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Monday, 11 December 2017 07:07

Geoff Berner - Sample Feature Article

Written by Eric Volmers
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His imagery is odd, grotesque, bizarre, dark, and ugly. He also has a knack for a sly lyric.

On Geoff Berner’s new album, Canadiana Grotesquica, there is a song about vocalists from the Great White North who adopt an inauthentic country twang when singing.

The Vancouver singer/songwriter calls this habit, and the song, Phoney Drawl. Taking on his own exaggerated drawl, Berner croons: “Like a broken tape recorder, or some kind of brain disorder / Nothin’ I do can shake this phoney drawl.”

Anyone who has attended afternoon jams or open-mic sessions will recognize this as a fairly widespread practice among a certain strain of singer/songwriter in this country.

“It’s about a cultural phenomenon in Canada where we have a feeling that our way of being isn’t good enough, that we should either be singing in a phoney American accent or a phoney English accent,” says Berner, in an interview from his home in Vancouver. “You hear that a lot.”  

It fits nicely into Berner’s definition of Canadiana Grotesquica, being that it’s a phenomenon that seems both deeply Canadian and, according to Berner, if not outright grotesque then certainly “a bit sad”.

The new album, which Berner calls a “busman’s holiday” from his ongoing exploration of the punk/klezmer hybrid he has been perfecting since 2005’s Whisky Rabbi, is a collection of 10 songs that reflect the accordion-wielding songwriter, author (his second novel, The Fiddler Is A Good Woman, was also released this year in conjunction with the album) and political activist’s view of his home country in all its contradictions: the good, the bad, and the ugly.

Some of the songs are relatively new while others have been occupying the outer reaches of Berner’s set lists for years, orphans of the singer/songwriter variety that didn’t really fit into his punk/klezmer vibe but have proven popular with audiences.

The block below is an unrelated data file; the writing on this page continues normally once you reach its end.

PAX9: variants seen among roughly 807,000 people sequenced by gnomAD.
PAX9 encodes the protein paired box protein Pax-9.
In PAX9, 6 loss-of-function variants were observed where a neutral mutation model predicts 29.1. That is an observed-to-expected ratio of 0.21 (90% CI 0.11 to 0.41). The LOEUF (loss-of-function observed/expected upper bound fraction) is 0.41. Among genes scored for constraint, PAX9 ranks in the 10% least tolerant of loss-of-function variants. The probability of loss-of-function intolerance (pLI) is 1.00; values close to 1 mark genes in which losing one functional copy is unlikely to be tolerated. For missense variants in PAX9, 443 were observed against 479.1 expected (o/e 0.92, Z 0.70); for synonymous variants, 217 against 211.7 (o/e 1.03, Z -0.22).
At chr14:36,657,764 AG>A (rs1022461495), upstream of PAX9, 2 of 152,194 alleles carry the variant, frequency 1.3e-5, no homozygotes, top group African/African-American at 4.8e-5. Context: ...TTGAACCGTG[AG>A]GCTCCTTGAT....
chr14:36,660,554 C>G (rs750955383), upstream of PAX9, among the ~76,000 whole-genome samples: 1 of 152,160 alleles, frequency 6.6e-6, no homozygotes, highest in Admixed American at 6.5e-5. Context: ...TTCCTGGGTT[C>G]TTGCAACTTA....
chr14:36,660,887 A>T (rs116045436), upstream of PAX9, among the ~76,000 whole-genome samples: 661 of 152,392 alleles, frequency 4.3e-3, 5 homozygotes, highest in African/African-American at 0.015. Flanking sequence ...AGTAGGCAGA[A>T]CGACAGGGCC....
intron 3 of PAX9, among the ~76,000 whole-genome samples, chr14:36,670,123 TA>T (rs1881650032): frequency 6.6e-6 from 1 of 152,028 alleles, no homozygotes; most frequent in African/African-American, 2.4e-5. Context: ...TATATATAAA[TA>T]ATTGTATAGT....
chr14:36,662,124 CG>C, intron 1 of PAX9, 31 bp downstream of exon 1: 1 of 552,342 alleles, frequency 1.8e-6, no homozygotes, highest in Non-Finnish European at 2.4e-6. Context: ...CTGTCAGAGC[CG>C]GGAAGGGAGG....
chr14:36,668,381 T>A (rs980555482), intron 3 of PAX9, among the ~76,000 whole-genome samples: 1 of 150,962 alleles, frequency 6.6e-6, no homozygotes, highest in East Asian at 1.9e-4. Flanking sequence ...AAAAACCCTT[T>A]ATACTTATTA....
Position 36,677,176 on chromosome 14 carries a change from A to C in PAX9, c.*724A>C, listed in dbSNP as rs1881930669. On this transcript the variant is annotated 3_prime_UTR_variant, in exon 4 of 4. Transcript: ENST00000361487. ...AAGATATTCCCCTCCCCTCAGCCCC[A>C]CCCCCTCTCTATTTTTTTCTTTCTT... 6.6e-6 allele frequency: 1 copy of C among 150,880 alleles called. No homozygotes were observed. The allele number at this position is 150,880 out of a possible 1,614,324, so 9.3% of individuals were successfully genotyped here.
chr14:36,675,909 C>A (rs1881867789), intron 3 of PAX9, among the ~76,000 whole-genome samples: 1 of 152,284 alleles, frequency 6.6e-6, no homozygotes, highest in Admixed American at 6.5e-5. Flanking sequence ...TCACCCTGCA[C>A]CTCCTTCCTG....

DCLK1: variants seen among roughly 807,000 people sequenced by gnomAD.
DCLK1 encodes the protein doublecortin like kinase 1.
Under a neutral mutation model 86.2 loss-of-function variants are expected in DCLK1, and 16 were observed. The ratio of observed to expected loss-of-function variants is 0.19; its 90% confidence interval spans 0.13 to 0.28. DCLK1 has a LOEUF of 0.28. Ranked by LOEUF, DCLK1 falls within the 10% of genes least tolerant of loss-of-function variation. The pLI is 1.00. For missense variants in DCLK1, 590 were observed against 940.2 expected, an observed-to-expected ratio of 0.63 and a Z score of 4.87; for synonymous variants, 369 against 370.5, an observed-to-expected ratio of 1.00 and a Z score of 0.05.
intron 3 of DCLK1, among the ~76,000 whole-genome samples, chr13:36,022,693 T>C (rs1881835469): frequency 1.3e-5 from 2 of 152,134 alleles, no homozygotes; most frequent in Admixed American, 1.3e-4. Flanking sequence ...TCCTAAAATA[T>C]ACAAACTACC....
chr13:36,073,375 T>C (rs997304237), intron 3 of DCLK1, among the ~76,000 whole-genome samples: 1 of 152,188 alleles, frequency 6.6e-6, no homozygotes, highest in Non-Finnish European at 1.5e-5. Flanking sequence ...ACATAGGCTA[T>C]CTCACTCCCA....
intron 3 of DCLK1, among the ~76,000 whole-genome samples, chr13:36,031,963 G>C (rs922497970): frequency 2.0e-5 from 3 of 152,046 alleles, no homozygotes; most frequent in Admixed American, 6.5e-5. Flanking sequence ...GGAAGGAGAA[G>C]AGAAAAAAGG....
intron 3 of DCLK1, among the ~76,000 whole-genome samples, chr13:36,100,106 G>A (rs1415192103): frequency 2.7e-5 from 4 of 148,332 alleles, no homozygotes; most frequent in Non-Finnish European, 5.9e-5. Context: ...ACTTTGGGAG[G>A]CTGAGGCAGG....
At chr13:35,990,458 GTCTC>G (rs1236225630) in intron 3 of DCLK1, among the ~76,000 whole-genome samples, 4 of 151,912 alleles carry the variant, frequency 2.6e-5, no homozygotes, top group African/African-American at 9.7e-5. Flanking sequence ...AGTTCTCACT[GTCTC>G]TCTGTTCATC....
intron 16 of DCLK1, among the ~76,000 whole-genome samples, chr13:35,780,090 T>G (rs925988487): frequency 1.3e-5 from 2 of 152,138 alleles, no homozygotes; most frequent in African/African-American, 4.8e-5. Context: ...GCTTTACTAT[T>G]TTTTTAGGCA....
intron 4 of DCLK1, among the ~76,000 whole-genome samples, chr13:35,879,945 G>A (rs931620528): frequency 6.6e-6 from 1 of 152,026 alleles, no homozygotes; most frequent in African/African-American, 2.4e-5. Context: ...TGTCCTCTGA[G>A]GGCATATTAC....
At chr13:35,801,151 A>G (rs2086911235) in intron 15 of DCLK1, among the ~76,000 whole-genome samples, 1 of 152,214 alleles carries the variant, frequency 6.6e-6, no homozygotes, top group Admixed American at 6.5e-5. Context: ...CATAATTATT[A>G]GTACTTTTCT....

“A lot of my imagery is kind of grotesque, dark, or odd; bizarre, ugly sometimes,” Berner says. “So the Grotesquica part comes from that. But also, the original word means from the grotto, and refers to these strange masks that were pulled up by early archeologists in Europe. They found these old, disturbing masks and other artifacts. So grotesque refers to the sort of uncanny object that you haul up from an almost-forgotten past. It’s supposed to have both meanings.”

Grotesque may not be the first word that springs to mind when hearing these songs but more than a few are dark and irreverent. If anything, the nine originals on Canadiana Grotesquica—which also includes a haunting and lush cover of friend and frequent tour partner Rae Spoon’s living-in-Calgary lament My Heart Is A Piece Of Garbage. Fight! Seagulls Fight!—showcase his deft hand with melody and sly wordplay, which can occasionally get overlooked when wrapped in his trademark punk/klezmer grooves.

To say the songs are simple or straightforward, though, doesn’t really do them justice either. But Berner did adopt more of a singer/songwriter vibe for the album. While he didn’t put down his accordion, he did enlist guitarist/producer Paul Rigby, a neighbour of Berner’s whose work with Carolyn Mark and Neko Case he admires, to produce.

“I just made a decision to trust Paul Rigby right off the bat,” Berner says. “A lot of the arrangement ideas were largely his. Rigby is just the guy who I always thought of to do this kind of a record with.”